- Editors' Note
With this issue, we sadly mark the passing of Thomas C. Schelling, a giant in the field of international security studies. Professor Schelling's seminal books, The Strategy of Conflict and Arms and Influence, and his many articles profoundly shaped how scholars and policymakers understand deterrence, cooperation, and coercion. For these works and others, he received the Nobel Prize in 2005. Professor Schelling had been a valued member of the International Security Editorial Board since the journal commenced publication in 1976. This issue is the first in which his name does not appear on the masthead. Even in the final years of his life, he never refused to review a manuscript that was under consideration and always provided prompt and incisive comments. Professor Schelling also appeared in our pages, publishing five articles, including one in the journal's inaugural issue, on topics ranging from nuclear terrorism to crisis stability. Until 1990 he was a valued colleague here at Harvard's John F. Kennedy School of Government. The editors and the entire field of international security studies will miss him greatly.
On a happier note, we are pleased to announce that two International Security articles recently received awards. Aisha Ahmad's "The Security Bazaar: Business Interests and Islamist Power in Civil War Somalia," which appeared in the winter 2014/15 issue, is the inaugural winner of the Best Security Article Award presented by the International Security Studies Section of the International Studies Association (ISA). Joshua Itzkowitz Shifrinson's spring 2016 article, "Deal or No Deal? The End of the Cold War and the U.S. Offer to Limit NATO Expansion," is the co-winner of the article award presented by ISA's Diplomatic Studies Section. We congratulate both authors.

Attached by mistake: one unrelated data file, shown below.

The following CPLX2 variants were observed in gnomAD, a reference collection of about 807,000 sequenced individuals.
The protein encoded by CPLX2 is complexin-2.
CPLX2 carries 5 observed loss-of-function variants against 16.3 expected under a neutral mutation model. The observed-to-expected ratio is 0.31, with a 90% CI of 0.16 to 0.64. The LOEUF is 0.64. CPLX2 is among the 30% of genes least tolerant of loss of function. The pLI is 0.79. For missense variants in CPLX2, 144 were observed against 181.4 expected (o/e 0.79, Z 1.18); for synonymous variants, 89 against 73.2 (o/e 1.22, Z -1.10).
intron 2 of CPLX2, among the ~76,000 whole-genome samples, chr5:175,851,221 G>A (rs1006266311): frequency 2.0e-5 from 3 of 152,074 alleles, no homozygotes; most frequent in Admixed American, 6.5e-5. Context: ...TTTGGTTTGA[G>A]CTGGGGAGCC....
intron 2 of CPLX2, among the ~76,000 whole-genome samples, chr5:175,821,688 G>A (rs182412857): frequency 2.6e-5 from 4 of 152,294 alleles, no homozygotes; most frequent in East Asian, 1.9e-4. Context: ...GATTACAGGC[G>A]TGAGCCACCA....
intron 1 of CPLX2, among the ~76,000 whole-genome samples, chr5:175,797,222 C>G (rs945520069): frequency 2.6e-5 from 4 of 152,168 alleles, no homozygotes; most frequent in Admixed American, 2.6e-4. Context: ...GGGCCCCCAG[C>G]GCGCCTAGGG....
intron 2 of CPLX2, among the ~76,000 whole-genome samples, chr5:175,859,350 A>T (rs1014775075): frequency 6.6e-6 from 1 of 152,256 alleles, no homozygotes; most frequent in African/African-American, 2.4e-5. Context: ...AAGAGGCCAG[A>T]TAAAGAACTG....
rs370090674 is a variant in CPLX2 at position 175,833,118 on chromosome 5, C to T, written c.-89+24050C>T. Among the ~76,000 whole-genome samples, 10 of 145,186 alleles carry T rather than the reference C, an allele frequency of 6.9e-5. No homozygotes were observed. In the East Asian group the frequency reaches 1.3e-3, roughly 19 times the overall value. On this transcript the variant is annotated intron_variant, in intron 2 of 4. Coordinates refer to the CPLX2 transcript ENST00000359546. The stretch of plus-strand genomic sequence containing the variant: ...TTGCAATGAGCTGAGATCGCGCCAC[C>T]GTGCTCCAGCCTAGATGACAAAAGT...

The articles by Professors Ahmad and Shifrinson join other award-winning recent International Security articles. Keren Yarhi-Milo's "In the Eye of the Beholder: How Leaders and Intelligence Communities Assess the Intentions of Adversaries" (summer 2013) won the Outstanding Article Award presented by the International History and Politics Section of the American Political Science Association (APSA). Mark Bell's "Beyond Emboldenment: How Acquiring Nuclear Weapons Can Change Foreign Policy" (summer 2015) received the Patricia Weitsman Award from ISA's International Security Studies Section. Michael Beckley's "The Myth of Entangling Alliances: Reassessing the Security Risks of U.S. Defense Pacts" (spring 2015) received an Honorable Mention in the competition for the Outstanding Article Award presented by APSA's International History and Politics Section.
Finally, we have welcomed Christopher Layne to the journal's Editorial Board. Professor Layne is University Distinguished Professor of International Affairs at [End Page 3] Texas A&M University, where he holds the Robert M. Gates Chair in National Security at the Bush School of Government and Public Service. He also has contributed to these pages. Readers will be familiar with his important 1994 critique of the "democratic peace," as well as his articles on the future of unipolarity and U.S. grand strategy.
—The Editors [End Page 4]